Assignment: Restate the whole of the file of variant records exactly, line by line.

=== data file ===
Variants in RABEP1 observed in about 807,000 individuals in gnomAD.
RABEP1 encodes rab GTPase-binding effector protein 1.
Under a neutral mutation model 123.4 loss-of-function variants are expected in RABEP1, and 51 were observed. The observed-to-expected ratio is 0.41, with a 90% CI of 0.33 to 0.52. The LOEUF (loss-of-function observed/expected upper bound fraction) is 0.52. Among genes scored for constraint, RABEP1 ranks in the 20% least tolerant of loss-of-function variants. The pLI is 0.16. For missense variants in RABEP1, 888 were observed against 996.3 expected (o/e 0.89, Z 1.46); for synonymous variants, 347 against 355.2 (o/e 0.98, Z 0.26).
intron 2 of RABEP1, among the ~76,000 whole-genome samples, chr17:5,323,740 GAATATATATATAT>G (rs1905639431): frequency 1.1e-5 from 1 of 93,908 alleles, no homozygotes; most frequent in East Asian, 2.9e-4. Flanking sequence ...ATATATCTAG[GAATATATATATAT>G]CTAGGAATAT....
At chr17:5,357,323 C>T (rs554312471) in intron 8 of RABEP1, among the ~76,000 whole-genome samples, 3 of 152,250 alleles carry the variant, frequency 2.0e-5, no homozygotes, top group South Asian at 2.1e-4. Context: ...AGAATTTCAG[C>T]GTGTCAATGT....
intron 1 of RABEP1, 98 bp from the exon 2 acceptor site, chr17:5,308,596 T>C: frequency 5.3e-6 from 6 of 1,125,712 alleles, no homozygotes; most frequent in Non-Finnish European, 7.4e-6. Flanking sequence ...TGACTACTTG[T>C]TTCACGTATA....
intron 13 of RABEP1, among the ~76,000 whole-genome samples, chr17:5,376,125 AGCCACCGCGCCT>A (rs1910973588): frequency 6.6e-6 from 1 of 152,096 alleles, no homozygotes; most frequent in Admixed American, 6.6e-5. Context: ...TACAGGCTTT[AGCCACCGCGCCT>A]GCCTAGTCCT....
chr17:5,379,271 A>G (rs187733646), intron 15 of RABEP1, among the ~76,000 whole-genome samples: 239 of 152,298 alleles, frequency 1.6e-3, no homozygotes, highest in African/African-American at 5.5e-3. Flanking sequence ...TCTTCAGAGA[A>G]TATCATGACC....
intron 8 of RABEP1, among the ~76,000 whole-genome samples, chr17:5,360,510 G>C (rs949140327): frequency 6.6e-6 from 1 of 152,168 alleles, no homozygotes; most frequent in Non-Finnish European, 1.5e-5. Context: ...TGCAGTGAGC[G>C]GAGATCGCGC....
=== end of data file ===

Variants in RABEP1 observed in about 807,000 individuals in gnomAD.
RABEP1 encodes rab GTPase-binding effector protein 1.
Under a neutral mutation model 123.4 loss-of-function variants are expected in RABEP1, and 51 were observed. The observed-to-expected ratio is 0.41, with a 90% CI of 0.33 to 0.52. The LOEUF (loss-of-function observed/expected upper bound fraction) is 0.52. Among genes scored for constraint, RABEP1 ranks in the 20% least tolerant of loss-of-function variants. The pLI is 0.16. For missense variants in RABEP1, 888 were observed against 996.3 expected (o/e 0.89, Z 1.46); for synonymous variants, 347 against 355.2 (o/e 0.98, Z 0.26).
intron 2 of RABEP1, among the ~76,000 whole-genome samples, chr17:5,323,740 GAATATATATATAT>G (rs1905639431): frequency 1.1e-5 from 1 of 93,908 alleles, no homozygotes; most frequent in East Asian, 2.9e-4. Flanking sequence ...ATATATCTAG[GAATATATATATAT>G]CTAGGAATAT....
At chr17:5,357,323 C>T (rs554312471) in intron 8 of RABEP1, among the ~76,000 whole-genome samples, 3 of 152,250 alleles carry the variant, frequency 2.0e-5, no homozygotes, top group South Asian at 2.1e-4. Context: ...AGAATTTCAG[C>T]GTGTCAATGT....
intron 1 of RABEP1, 98 bp from the exon 2 acceptor site, chr17:5,308,596 T>C: frequency 5.3e-6 from 6 of 1,125,712 alleles, no homozygotes; most frequent in Non-Finnish European, 7.4e-6. Flanking sequence ...TGACTACTTG[T>C]TTCACGTATA....
intron 13 of RABEP1, among the ~76,000 whole-genome samples, chr17:5,376,125 AGCCACCGCGCCT>A (rs1910973588): frequency 6.6e-6 from 1 of 152,096 alleles, no homozygotes; most frequent in Admixed American, 6.6e-5. Context: ...TACAGGCTTT[AGCCACCGCGCCT>A]GCCTAGTCCT....
chr17:5,379,271 A>G (rs187733646), intron 15 of RABEP1, among the ~76,000 whole-genome samples: 239 of 152,298 alleles, frequency 1.6e-3, no homozygotes, highest in African/African-American at 5.5e-3. Flanking sequence ...TCTTCAGAGA[A>G]TATCATGACC....
intron 8 of RABEP1, among the ~76,000 whole-genome samples, chr17:5,360,510 G>C (rs949140327): frequency 6.6e-6 from 1 of 152,168 alleles, no homozygotes; most frequent in Non-Finnish European, 1.5e-5. Context: ...TGCAGTGAGC[G>C]GAGATCGCGC....